CA lawmakers proposing candy tax to fight obesity

FILE: Nestle Girl Scout Candy Bars are on display at an event on Saturday, Aug. 23, 2014 in Los Angeles. (Casey Rodgers/AP Images)

A group of state lawmakers think a tax on candy is a sweet idea.

A handful of assembly members are proposing a sales tax on candy and snack food, claiming it would reduce obesity and generate nearly a billion dollars in revenue per year.

Supporters suggest that by not taxing candy, the state is a de facto enabler of childhood obesity, diabetes and dental decay.
RELATED: Berkeley says $116,000 made so far from new soda tax

"We've seen the results of the explosion of snack food consumption on our society and the negative health repercussions," said Assemblymember Cristina Garcia, D- Bell Gardens. "Obesity, diabetes, hypertension, tooth decay, these and so many other conditions are a directly attributable to the poor modern diet made up of high calorie, ultra-processed foods."

Garcia says, in 1992, fueled by a multi-million dollar campaign paid for by food manufacturers and industry organizations, California passed Proposition 163 repealing the imposition of a tax on candy, chips, snack cakes and other processed snack items.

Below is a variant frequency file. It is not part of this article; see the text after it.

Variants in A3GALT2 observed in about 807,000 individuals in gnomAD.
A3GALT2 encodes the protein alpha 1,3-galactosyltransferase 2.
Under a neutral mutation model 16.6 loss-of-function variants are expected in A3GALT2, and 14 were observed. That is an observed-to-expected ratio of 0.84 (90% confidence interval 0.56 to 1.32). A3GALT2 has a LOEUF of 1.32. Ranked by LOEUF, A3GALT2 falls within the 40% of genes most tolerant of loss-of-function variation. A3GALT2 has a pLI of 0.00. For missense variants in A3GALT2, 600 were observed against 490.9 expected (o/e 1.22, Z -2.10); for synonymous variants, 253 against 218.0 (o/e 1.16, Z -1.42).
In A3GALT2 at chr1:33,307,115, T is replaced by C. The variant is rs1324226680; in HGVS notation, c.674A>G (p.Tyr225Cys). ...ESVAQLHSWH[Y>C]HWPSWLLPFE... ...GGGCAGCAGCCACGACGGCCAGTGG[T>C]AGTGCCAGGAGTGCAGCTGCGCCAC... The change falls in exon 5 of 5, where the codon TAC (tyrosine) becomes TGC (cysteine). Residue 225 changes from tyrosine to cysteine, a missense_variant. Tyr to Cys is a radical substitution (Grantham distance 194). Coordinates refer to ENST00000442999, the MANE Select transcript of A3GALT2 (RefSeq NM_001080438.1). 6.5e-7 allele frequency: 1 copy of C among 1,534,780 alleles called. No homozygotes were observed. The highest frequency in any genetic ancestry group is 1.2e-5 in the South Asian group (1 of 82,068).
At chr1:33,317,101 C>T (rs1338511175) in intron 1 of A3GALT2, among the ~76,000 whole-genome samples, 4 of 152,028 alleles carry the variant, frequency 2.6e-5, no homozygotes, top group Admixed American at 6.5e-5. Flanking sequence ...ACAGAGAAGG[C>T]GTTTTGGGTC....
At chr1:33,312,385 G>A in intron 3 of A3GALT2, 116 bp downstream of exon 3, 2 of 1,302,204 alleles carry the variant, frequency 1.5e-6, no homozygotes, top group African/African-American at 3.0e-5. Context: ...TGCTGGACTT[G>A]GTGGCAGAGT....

Garcia stated that much has changed in the past 24 years, where fatty, high sugar, high fat snacks are no longer considered essential, especially to poorer communities, as was argued by the snack food industry in 1992.

RELATED: New government dietary guidelines recommend limiting added sugars

In order to pass the tax legislation, the measure would need a two-thirds vote in the legislature and by voters.

A similar effort failed in 1992.
Related Topics:
foodcandysnack foodhealth foodhealthobesitystudentslegislationcalifornia legislationcalifornia state assemblysodaCaliforniaCalifornia State Capitol
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